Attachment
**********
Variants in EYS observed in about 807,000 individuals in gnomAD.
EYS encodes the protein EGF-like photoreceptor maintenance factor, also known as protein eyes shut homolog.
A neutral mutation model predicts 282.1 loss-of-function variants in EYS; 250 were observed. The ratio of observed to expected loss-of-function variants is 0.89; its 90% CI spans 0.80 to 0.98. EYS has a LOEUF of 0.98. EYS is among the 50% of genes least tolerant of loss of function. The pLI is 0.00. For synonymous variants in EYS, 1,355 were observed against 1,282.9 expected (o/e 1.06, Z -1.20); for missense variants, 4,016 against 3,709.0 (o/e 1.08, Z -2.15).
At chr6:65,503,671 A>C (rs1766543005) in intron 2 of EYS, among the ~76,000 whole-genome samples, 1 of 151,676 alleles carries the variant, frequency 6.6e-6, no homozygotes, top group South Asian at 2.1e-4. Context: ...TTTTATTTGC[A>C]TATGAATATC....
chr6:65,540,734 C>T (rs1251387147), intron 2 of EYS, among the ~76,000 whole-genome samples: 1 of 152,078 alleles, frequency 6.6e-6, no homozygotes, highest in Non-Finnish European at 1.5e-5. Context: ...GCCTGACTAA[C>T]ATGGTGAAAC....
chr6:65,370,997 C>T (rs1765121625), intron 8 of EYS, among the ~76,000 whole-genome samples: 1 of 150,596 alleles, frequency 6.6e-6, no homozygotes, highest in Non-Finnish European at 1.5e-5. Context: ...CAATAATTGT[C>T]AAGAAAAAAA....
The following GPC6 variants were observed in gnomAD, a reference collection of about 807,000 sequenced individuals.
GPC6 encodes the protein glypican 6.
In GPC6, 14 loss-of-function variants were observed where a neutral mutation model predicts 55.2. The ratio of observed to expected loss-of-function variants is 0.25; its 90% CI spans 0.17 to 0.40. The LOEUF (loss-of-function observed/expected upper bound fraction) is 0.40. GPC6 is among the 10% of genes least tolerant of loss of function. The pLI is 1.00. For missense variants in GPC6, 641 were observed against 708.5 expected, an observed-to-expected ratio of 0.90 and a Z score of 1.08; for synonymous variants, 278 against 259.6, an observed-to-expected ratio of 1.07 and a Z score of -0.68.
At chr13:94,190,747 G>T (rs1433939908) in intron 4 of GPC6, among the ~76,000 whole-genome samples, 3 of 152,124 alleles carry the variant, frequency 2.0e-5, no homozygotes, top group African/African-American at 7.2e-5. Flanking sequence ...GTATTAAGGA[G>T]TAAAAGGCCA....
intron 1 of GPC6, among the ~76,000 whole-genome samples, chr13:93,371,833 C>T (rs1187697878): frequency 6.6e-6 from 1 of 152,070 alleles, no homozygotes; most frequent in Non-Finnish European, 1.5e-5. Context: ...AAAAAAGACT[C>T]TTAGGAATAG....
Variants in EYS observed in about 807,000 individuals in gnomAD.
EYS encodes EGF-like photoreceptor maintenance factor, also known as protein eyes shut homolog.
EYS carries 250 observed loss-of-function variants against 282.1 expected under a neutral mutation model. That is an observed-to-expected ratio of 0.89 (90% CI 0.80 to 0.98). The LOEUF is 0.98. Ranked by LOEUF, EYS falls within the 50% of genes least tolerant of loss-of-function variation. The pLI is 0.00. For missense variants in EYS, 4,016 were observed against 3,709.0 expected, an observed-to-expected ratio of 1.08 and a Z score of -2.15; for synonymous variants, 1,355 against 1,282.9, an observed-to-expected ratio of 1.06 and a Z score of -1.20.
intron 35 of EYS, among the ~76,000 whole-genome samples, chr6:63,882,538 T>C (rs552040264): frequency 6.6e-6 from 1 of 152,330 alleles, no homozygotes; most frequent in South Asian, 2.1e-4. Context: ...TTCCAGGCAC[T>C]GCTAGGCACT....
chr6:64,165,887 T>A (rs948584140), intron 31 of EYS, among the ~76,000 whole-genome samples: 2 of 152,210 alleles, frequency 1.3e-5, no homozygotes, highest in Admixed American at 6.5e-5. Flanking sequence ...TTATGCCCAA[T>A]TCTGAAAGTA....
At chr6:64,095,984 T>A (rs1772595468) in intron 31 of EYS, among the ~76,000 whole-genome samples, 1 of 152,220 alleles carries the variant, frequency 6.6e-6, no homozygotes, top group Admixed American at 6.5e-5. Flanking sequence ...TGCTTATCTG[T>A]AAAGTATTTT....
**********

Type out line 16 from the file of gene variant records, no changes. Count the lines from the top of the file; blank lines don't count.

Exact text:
chr6:64,165,887 T>A (rs948584140), intron 31 of EYS, among the ~76,000 whole-genome samples: 2 of 152,210 alleles, frequency 1.3e-5, no homozygotes, highest in Admixed American at 6.5e-5. Flanking sequence ...TTATGCCCAA[T>A]TCTGAAAGTA....